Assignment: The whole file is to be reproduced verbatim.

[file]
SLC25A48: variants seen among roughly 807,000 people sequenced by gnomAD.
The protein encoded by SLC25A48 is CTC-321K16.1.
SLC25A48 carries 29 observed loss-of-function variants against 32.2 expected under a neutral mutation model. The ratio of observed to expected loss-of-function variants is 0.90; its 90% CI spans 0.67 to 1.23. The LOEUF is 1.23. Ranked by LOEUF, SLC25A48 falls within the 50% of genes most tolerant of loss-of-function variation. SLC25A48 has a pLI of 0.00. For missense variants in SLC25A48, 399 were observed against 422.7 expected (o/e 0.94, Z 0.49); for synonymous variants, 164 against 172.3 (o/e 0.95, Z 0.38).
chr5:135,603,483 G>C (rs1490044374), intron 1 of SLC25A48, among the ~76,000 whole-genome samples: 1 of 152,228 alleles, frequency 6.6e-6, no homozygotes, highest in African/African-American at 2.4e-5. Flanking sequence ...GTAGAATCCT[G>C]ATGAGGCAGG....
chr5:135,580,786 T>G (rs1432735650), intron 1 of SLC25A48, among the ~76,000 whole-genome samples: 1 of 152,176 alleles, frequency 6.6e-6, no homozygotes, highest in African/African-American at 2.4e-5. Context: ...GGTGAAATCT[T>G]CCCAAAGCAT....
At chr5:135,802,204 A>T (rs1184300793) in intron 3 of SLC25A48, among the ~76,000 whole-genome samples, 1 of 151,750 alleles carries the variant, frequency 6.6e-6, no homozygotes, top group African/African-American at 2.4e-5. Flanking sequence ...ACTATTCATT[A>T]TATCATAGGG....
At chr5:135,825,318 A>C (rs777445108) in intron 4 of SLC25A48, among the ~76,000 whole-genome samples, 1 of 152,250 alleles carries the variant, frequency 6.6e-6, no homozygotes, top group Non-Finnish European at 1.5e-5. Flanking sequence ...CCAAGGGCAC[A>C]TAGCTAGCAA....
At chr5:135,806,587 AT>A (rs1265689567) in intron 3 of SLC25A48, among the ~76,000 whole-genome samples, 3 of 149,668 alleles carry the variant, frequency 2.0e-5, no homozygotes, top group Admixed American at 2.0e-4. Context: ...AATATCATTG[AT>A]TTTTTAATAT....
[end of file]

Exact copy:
SLC25A48: variants seen among roughly 807,000 people sequenced by gnomAD.
The protein encoded by SLC25A48 is CTC-321K16.1.
SLC25A48 carries 29 observed loss-of-function variants against 32.2 expected under a neutral mutation model. The ratio of observed to expected loss-of-function variants is 0.90; its 90% CI spans 0.67 to 1.23. The LOEUF is 1.23. Ranked by LOEUF, SLC25A48 falls within the 50% of genes most tolerant of loss-of-function variation. SLC25A48 has a pLI of 0.00. For missense variants in SLC25A48, 399 were observed against 422.7 expected (o/e 0.94, Z 0.49); for synonymous variants, 164 against 172.3 (o/e 0.95, Z 0.38).
chr5:135,603,483 G>C (rs1490044374), intron 1 of SLC25A48, among the ~76,000 whole-genome samples: 1 of 152,228 alleles, frequency 6.6e-6, no homozygotes, highest in African/African-American at 2.4e-5. Flanking sequence ...GTAGAATCCT[G>C]ATGAGGCAGG....
chr5:135,580,786 T>G (rs1432735650), intron 1 of SLC25A48, among the ~76,000 whole-genome samples: 1 of 152,176 alleles, frequency 6.6e-6, no homozygotes, highest in African/African-American at 2.4e-5. Context: ...GGTGAAATCT[T>G]CCCAAAGCAT....
At chr5:135,802,204 A>T (rs1184300793) in intron 3 of SLC25A48, among the ~76,000 whole-genome samples, 1 of 151,750 alleles carries the variant, frequency 6.6e-6, no homozygotes, top group African/African-American at 2.4e-5. Flanking sequence ...ACTATTCATT[A>T]TATCATAGGG....
At chr5:135,825,318 A>C (rs777445108) in intron 4 of SLC25A48, among the ~76,000 whole-genome samples, 1 of 152,250 alleles carries the variant, frequency 6.6e-6, no homozygotes, top group Non-Finnish European at 1.5e-5. Flanking sequence ...CCAAGGGCAC[A>C]TAGCTAGCAA....
At chr5:135,806,587 AT>A (rs1265689567) in intron 3 of SLC25A48, among the ~76,000 whole-genome samples, 3 of 149,668 alleles carry the variant, frequency 2.0e-5, no homozygotes, top group Admixed American at 2.0e-4. Context: ...AATATCATTG[AT>A]TTTTTAATAT....